(MTA, Mail Transfer Agent) Any program responsible for delivering e-mail messages. Upon receiving a message from a Mail User Agent or another MTA, often by SMTP over the Internet, it stores it temporarily locally and analyses the recipients and delivers it to any local addressees and/or forwards it to other remote MTAs (routing) for delivery to remote recipients. In either case it may edit and/or add to the message headers.

The most widely used MTA for Unix is sendmail, which communicates using SMTP.

[Other OSes?]

RFC 2821 (SMTP) expands MTA as "Mail Transfer Agent" though this is less common. Alternatives with "Transport" are also seen but less correct.

Last updated: 2007-06-01

Message Transport Agent

Message Transfer Agent

Messaging Application Programming Interface

<messaging>

(MAPI) A messaging architecture and a client interface component for applications such as electronic mail, scheduling, calendaring and document management. As a messaging architecture, MAPI provides a consistent interface for multiple application programs to interact with multiple messaging systems across a variety of hardware platforms.

MAPI provides better performance and control than Simple MAPI, Common Messaging Calls (CMC) or the Active Messaging Library. It has a comprehensive, open, dual-purpose interface, integrated with Microsoft Windows. MAPI can be used by all levels and types of client application and "service providers" - driver-like components that provide a MAPI interface to a specific messaging system. For example, a word processor can send documents and a workgroup application can share and store different types of data using MAPI.

MAPI separates the programming interfaces used by the client applications and the service providers. Every component works with a common, Microsoft Windows-based user interface. For example, a single messaging client application can be used to receive messages from fax, a bulletin board system, a host-based messaging system and a LAN-based system. Messages from all of these systems can be delivered to a single "universal Inbox".

MAPI is aimed at the powerful, new market of workgroup applications that communicate with such different messaging systems as fax, DEC All-In-1, voice mail and public communications services such as AT&T Easylink Services, CompuServe and MCI MAIL. Because workgroup applications demand more of their messaging systems, MAPI offers much more than basic messaging in the programming interface and supports more than local area network (LAN)-based messaging systems. Applications can, for example, format text for a single message with a variety of fonts and present to their users a customised view of messages that have been filtered, sorted or preprocessed.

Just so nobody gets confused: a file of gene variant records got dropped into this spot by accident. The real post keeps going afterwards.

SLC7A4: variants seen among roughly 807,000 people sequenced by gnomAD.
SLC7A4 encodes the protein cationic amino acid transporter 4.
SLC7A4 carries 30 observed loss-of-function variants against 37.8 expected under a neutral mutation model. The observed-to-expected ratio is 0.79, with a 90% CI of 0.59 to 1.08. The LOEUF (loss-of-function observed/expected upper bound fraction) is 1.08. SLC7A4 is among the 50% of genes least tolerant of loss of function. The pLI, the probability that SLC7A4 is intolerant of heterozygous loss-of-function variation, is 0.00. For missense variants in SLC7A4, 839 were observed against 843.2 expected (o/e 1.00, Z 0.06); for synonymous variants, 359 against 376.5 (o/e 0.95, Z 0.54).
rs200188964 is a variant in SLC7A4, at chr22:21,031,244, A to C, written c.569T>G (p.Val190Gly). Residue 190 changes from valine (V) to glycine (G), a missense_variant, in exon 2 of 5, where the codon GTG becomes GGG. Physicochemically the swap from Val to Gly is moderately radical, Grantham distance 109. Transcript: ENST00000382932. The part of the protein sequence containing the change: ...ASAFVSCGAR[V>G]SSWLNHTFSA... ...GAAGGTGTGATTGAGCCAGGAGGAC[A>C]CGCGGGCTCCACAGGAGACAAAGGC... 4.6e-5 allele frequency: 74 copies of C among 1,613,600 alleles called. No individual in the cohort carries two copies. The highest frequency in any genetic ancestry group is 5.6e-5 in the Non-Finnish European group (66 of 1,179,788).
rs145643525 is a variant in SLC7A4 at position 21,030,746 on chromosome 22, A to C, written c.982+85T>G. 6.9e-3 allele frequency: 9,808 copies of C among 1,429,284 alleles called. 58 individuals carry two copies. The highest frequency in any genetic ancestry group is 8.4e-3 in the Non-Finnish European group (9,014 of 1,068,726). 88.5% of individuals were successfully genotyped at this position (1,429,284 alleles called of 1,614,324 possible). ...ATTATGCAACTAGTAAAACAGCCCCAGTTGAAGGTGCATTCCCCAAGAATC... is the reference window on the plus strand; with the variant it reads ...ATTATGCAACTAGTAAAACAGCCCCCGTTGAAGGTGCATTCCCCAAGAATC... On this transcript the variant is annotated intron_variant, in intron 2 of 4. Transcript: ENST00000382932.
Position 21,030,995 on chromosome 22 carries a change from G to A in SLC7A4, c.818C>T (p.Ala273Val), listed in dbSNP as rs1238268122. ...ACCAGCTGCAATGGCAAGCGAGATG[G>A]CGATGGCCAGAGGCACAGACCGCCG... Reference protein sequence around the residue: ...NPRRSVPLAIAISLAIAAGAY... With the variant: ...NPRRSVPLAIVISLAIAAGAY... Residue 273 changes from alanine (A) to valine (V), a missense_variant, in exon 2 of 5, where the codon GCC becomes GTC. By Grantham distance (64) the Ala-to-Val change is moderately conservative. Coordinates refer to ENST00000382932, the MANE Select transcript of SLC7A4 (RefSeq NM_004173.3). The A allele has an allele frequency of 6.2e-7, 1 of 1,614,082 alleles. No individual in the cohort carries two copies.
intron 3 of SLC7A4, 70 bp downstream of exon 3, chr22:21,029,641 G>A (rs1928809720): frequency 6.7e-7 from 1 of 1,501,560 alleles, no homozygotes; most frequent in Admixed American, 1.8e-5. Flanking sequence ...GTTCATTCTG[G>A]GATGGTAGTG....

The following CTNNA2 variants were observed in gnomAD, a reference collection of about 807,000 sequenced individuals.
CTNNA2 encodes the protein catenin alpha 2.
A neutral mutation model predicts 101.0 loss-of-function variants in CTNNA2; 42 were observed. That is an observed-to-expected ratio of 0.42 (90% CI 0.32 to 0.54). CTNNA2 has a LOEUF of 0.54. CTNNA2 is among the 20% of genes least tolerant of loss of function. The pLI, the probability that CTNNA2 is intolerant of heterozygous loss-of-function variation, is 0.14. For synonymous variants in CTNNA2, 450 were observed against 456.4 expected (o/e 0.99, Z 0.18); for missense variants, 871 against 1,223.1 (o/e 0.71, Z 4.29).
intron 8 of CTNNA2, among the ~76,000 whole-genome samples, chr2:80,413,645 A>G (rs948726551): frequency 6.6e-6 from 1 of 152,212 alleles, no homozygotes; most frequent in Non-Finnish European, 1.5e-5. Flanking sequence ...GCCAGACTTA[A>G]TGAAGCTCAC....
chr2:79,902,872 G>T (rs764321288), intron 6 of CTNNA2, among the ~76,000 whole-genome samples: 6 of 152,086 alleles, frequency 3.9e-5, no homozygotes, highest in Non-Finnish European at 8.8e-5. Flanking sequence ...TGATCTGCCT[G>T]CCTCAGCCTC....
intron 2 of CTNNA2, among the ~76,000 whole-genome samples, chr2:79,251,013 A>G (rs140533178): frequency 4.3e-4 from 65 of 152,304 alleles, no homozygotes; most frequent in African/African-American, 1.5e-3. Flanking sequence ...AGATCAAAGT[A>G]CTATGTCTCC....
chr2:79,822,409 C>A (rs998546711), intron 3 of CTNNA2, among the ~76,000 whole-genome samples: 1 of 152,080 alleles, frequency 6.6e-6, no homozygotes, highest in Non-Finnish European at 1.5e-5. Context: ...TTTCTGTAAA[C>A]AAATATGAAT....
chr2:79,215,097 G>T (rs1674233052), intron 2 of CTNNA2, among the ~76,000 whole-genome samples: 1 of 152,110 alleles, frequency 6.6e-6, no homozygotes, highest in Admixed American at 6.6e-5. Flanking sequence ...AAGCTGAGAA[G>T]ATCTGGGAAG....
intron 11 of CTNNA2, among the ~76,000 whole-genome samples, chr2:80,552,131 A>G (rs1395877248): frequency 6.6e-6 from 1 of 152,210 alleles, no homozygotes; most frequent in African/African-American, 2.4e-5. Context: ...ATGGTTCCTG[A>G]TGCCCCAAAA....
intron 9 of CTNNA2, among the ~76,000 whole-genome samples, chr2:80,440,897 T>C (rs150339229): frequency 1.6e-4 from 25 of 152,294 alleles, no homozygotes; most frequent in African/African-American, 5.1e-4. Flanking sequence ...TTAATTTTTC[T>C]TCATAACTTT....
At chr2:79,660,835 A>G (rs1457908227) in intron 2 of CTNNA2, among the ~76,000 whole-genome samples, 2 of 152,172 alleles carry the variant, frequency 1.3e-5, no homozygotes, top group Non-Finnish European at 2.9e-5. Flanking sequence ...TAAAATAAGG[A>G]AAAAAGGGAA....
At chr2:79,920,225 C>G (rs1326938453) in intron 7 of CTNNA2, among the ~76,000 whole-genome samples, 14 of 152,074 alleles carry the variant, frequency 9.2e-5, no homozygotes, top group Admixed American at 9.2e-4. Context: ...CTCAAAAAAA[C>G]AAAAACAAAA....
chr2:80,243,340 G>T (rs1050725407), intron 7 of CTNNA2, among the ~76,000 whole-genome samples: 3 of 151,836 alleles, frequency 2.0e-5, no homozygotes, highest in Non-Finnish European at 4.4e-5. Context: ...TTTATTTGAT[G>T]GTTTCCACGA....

MAPI is built into Windows 95 and Windows NT and can be used by 16-bit and 32-bit Windows applications. The programming interface and subsystem contained in the MAPI DLL provide objects which conform to the Component Object Model. MAPI includes standard messaging client applications that demonstrate different levels of messaging support.

MAPI provides cross platform support through such industry standards as SMTP, X.400 and Common Messaging Calls. MAPI is the messaging component of Windows Open Services Architecture (WOSA).

[Correct expansion? Relatonship with Microsoft?]

Last updated: 1997-12-03

Messaging Applications Programming Interface

Messaging Application Programming Interface

mess-dos

/mes-dos/ (Or MS-DOG, Messy-DOS, mess-dross, mess-loss, mush-dos) Derisory term for MS-DOS. Often followed by the ritual banishing "Just say No!"

Most hackers (even many MS-DOS hackers) loathe MS-DOS for its single-tasking nature, its limits on application size, its nasty primitive interface, and its ties to IBMness (see fear and loathing).

In Ireland and the UK it is sometimes called "Domestos" after a brand of toilet cleanser.

[Jargon File]

Last updated: 1994-11-16

Nearby terms:

meshMESI protocolmessagemessage boardMessage Digest 5message digest function